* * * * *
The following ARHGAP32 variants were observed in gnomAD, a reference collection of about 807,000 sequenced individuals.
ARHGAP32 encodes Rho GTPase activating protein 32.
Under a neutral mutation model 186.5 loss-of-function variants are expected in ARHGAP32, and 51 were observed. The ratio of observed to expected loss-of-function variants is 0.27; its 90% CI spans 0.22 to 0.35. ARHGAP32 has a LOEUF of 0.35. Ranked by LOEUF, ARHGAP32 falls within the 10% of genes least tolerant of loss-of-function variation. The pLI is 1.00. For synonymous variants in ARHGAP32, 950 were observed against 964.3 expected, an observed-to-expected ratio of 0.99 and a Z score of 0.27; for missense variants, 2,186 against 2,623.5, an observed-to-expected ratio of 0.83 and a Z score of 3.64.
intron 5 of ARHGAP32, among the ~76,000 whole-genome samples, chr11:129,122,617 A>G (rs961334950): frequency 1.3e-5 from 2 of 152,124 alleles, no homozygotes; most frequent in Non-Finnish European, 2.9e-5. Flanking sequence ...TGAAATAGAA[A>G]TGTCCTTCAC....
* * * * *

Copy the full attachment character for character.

The following ARHGAP32 variants were observed in gnomAD, a reference collection of about 807,000 sequenced individuals.
ARHGAP32 encodes Rho GTPase activating protein 32.
Under a neutral mutation model 186.5 loss-of-function variants are expected in ARHGAP32, and 51 were observed. The ratio of observed to expected loss-of-function variants is 0.27; its 90% CI spans 0.22 to 0.35. ARHGAP32 has a LOEUF of 0.35. Ranked by LOEUF, ARHGAP32 falls within the 10% of genes least tolerant of loss-of-function variation. The pLI is 1.00. For synonymous variants in ARHGAP32, 950 were observed against 964.3 expected, an observed-to-expected ratio of 0.99 and a Z score of 0.27; for missense variants, 2,186 against 2,623.5, an observed-to-expected ratio of 0.83 and a Z score of 3.64.
intron 5 of ARHGAP32, among the ~76,000 whole-genome samples, chr11:129,122,617 A>G (rs961334950): frequency 1.3e-5 from 2 of 152,124 alleles, no homozygotes; most frequent in Non-Finnish European, 2.9e-5. Flanking sequence ...TGAAATAGAA[A>G]TGTCCTTCAC....